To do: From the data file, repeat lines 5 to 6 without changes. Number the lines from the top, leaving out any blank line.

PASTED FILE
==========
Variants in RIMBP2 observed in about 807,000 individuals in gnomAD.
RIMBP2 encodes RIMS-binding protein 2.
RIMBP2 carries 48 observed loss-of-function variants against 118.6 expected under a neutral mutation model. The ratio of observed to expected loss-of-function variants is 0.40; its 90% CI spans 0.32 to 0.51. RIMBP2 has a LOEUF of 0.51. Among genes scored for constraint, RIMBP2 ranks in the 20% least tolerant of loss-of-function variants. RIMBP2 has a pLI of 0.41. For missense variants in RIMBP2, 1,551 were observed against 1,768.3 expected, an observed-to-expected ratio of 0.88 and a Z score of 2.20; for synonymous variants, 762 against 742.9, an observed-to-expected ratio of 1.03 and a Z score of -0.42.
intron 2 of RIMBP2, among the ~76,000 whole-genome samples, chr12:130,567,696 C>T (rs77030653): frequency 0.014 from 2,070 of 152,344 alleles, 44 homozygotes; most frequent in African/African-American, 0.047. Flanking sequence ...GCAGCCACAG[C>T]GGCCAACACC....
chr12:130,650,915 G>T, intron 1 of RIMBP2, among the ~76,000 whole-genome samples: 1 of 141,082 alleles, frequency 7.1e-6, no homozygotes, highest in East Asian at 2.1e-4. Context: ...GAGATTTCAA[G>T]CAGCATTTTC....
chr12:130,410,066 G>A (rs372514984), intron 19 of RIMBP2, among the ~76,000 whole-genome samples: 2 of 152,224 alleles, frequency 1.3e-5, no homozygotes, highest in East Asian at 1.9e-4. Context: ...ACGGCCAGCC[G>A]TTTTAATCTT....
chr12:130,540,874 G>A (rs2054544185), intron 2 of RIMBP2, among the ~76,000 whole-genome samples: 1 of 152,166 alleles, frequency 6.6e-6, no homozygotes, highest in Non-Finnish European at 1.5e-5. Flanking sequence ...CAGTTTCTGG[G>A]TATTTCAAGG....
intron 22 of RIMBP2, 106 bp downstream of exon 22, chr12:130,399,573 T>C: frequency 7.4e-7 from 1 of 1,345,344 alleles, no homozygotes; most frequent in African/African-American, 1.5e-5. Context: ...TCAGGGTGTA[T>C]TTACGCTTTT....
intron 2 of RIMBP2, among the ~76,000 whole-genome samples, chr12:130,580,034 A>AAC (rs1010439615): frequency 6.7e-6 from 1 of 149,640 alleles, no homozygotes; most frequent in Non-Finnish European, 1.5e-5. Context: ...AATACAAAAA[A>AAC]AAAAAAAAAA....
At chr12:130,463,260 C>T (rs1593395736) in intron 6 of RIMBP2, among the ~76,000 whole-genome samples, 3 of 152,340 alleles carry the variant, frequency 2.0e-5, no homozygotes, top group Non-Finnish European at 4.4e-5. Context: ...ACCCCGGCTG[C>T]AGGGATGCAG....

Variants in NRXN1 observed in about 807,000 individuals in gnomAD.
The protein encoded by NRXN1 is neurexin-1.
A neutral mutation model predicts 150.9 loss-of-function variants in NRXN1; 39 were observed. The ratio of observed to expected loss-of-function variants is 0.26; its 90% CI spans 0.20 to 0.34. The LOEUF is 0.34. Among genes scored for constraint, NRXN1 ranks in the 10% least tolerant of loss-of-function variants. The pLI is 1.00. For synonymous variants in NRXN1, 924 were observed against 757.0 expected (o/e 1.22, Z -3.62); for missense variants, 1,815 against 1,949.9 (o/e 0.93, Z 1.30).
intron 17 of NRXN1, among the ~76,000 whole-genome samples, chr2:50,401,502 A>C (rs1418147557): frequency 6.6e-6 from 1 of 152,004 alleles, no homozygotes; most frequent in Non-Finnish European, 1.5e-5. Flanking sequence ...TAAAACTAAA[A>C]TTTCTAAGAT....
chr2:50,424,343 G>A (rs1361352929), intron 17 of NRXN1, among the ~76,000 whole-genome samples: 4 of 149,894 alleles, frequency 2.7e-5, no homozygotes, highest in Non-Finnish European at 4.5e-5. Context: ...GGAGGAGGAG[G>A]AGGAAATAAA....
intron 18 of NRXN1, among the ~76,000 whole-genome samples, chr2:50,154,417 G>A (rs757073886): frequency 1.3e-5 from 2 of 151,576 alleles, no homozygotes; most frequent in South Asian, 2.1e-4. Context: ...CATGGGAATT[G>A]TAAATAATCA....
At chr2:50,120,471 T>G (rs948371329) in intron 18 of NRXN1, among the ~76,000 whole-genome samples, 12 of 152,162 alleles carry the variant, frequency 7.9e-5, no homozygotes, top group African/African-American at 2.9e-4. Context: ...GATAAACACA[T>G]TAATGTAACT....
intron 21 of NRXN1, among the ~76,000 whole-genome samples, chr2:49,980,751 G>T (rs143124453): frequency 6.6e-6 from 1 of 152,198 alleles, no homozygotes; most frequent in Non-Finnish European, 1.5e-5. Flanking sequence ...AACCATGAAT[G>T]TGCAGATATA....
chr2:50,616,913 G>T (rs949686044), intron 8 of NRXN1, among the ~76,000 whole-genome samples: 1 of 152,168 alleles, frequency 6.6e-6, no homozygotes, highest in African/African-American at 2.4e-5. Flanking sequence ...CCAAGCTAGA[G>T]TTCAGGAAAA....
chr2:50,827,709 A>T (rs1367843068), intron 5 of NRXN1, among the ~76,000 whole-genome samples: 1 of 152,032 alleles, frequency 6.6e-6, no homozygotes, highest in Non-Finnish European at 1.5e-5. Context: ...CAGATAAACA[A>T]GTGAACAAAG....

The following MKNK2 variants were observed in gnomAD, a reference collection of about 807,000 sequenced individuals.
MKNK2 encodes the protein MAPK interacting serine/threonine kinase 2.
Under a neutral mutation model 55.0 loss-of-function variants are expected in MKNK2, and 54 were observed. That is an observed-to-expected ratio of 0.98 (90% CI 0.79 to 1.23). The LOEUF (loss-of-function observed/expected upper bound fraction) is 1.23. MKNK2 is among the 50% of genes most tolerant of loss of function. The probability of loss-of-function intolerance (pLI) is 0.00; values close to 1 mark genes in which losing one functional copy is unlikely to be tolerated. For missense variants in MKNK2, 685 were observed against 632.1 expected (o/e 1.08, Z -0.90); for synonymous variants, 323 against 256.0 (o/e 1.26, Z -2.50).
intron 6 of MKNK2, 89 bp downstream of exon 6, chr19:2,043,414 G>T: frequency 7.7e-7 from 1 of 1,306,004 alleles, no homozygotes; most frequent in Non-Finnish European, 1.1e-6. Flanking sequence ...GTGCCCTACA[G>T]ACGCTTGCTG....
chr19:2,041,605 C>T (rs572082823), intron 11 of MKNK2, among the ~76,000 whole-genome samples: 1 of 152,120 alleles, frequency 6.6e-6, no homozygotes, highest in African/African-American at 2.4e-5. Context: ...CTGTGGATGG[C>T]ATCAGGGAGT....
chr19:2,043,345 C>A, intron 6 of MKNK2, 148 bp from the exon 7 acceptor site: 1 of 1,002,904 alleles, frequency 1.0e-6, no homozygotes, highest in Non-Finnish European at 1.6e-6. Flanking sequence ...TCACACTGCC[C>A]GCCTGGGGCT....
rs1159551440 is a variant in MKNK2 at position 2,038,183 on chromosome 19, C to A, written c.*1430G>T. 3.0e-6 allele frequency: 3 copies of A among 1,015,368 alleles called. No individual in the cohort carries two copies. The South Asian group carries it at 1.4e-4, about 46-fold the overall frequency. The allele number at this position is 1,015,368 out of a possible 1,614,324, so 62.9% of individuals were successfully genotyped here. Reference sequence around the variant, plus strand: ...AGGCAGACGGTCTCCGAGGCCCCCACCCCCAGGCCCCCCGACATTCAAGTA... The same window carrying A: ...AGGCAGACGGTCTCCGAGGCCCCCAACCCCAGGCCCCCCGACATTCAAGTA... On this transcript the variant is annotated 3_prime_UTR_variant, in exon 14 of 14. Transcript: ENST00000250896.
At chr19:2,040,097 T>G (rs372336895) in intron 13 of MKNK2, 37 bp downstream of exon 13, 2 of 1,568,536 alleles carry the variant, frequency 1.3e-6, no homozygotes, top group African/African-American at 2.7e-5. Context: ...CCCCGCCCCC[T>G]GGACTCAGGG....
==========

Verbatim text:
chr12:130,650,915 G>T, intron 1 of RIMBP2, among the ~76,000 whole-genome samples: 1 of 141,082 alleles, frequency 7.1e-6, no homozygotes, highest in East Asian at 2.1e-4. Context: ...GAGATTTCAA[G>T]CAGCATTTTC....
chr12:130,410,066 G>A (rs372514984), intron 19 of RIMBP2, among the ~76,000 whole-genome samples: 2 of 152,224 alleles, frequency 1.3e-5, no homozygotes, highest in East Asian at 1.9e-4. Context: ...ACGGCCAGCC[G>A]TTTTAATCTT....